Opioid Resources and Support
The Commonwealth of Pennsylvania is experiencing a crisis due to the impacts of an opioid epidemic that has touched many lives.
To effectively address this epidemic, an integrated and holistic approach to treatment is essential. Magellan’s recovery-oriented, member-first approach aims to include your family of choice, peers and community stakeholders in a personalized treatment process to decrease risk factors for opioid abuse. We will always protect the privacy of our members.
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Resources for recovery-focused solutions currently available in Pennsylvania
- Commonwealth of Pennsylvania resources
- Drug take-back locations
- Get to know your local Opioid Use Disorder Center of Excellence
- Bucks County resources
- Cambria County resources
- Delaware County resources
- Lehigh County resources
- Montgomery County resources
- Northampton County resources
Physical health plan MAT resources
- AmeriHealth Caritas resources
- Gateway Health reference guide
- KeystoneFirst MAT providers
- UPMC Health Plan resources
- Alternatives for child opioid prescriptions
- Nar-Anon Family Groups - for anyone who is affected by someone else's addiction
- Al-Anon Family Groups - for anyone who is affected by someone else's alcoholism
Standard of Practice information
Tobacco and opioids
Tobacco is often used at the same time as opioids. Using tobacco can make it harder to quit using opioids. This is because tobacco use affects how opioids impact the brain. It is often a good idea to work on quitting tobacco use at the same time as eliminating opioids.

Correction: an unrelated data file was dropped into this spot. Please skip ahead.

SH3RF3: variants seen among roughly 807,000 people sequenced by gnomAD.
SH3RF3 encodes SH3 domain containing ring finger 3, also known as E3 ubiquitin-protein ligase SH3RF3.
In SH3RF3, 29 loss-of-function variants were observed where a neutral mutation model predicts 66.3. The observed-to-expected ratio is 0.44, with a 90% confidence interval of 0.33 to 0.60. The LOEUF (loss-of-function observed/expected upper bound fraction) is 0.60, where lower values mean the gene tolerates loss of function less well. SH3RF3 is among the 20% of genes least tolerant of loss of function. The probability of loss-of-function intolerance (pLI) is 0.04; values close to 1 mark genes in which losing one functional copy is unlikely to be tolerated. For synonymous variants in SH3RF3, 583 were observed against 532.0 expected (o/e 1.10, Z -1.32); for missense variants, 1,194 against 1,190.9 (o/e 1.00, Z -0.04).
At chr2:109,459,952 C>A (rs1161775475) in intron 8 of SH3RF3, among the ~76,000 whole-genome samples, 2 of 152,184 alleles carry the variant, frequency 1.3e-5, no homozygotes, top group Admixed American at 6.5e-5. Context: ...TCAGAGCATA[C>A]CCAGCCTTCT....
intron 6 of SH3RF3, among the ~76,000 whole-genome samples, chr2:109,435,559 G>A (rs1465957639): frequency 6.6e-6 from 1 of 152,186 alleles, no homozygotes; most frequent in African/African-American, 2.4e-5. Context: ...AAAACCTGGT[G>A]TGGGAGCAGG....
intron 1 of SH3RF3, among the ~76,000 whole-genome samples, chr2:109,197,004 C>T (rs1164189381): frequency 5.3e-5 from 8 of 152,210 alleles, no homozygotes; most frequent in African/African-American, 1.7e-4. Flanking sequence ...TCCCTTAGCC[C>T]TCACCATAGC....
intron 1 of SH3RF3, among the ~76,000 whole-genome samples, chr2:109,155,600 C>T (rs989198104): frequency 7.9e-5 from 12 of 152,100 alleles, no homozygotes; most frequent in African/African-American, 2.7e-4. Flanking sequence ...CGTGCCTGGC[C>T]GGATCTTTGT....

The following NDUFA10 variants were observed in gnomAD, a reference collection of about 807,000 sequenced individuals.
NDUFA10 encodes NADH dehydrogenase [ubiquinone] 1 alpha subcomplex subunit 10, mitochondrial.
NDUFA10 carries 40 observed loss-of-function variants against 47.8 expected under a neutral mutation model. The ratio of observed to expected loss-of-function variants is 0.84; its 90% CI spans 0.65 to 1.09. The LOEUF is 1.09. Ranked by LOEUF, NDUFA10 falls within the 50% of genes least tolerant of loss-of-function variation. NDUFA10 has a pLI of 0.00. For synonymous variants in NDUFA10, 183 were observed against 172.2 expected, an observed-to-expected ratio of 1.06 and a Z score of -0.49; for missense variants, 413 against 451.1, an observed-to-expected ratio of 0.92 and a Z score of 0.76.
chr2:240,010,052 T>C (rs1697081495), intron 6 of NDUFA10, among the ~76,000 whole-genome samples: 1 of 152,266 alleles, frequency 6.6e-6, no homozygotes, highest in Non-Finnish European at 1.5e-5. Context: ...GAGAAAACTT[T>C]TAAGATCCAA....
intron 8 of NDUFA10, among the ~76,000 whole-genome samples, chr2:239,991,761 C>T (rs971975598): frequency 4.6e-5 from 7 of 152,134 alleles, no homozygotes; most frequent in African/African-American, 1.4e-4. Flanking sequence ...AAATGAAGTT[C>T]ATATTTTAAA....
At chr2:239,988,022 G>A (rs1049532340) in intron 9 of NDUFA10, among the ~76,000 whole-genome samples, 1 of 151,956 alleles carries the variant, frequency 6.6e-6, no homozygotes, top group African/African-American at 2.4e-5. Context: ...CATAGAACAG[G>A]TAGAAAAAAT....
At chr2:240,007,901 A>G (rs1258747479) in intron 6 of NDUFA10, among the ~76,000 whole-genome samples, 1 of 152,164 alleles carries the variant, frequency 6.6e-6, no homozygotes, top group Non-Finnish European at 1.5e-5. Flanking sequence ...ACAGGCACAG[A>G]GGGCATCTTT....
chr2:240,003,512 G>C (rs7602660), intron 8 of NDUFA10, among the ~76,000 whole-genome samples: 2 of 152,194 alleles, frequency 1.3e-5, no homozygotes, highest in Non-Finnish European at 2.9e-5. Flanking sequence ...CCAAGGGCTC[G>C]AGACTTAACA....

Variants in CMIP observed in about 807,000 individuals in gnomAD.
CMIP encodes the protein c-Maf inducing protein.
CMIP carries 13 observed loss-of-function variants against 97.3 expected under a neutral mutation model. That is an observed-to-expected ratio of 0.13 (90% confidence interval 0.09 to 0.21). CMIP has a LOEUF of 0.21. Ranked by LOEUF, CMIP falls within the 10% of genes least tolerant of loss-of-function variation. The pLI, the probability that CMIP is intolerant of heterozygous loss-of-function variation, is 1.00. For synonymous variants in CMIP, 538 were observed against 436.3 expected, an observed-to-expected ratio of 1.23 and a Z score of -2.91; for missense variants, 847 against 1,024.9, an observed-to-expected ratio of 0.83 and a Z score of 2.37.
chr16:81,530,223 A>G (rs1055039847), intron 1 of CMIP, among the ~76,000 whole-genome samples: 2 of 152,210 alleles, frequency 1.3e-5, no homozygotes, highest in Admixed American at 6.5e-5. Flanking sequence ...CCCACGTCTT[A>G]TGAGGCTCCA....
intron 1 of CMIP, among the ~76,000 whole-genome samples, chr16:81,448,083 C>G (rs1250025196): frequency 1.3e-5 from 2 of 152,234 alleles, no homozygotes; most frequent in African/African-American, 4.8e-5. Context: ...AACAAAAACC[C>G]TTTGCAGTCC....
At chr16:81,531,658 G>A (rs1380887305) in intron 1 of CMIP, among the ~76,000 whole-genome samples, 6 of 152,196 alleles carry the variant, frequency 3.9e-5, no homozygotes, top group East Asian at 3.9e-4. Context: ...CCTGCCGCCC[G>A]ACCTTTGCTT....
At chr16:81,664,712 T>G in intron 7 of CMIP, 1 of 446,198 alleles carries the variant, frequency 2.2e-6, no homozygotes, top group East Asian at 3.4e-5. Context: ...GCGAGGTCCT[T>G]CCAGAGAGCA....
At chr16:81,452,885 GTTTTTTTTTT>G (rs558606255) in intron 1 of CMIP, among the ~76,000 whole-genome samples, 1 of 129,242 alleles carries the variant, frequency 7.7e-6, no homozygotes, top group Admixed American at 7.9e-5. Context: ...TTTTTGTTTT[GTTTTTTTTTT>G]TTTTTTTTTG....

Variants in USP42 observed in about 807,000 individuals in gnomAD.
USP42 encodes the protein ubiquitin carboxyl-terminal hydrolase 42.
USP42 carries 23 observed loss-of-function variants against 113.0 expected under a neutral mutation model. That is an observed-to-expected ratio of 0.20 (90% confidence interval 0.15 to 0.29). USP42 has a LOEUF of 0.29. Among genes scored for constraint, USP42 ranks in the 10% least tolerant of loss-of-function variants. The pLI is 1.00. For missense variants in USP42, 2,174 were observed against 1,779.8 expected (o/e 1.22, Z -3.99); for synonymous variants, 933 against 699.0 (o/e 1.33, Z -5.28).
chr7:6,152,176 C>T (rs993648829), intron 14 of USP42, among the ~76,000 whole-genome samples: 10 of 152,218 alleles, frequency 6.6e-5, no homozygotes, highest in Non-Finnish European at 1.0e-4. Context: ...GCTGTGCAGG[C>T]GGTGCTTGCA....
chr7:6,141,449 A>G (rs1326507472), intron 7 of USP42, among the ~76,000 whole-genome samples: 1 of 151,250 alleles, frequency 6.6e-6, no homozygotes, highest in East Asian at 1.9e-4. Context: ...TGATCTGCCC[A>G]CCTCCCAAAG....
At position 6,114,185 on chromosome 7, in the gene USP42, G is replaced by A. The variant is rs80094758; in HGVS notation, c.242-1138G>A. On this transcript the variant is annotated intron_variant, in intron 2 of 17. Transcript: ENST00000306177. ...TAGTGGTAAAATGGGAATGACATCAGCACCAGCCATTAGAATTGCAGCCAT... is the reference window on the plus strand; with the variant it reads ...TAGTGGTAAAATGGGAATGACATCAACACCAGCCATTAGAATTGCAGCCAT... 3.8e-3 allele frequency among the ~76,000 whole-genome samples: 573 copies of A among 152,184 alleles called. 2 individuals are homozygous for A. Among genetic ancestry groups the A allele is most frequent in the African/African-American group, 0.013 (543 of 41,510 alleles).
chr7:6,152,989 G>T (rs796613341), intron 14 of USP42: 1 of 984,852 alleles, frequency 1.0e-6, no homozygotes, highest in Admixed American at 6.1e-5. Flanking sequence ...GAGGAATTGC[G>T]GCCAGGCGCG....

Find resources from Magellan here to assist you in a journey to be tobacco-free:
Naloxone, trade name Narcan©
Naloxone was created for one purpose, to prevent death. It is an opioid blocker used to reverse the effects of an opioid overdose. It can be injected by: vein, muscle, under skin or nasal spray.
Its effects in restoring breathing can be seen within 2-8 minutes. Side effects may include, but are not limited to: Body aches, fever, sweating, runny nose, shivering, irritability, diarrhea, nausea, vomiting, cramps, increased blood pressure or rapid heartbeat.
In 2015, Dr. Rachel Levine, the current Secretary of Health for Pennsylvania, signed a standing order for the state that allows access to naloxone in local pharmacies. There is no need for a prescription from another clinician. More information can be found at the Naloxone FAQ page on the PA Department of Drug & Alcohol Programs website.
Magellan is committed to keeping you informed on how to quickly access treatment.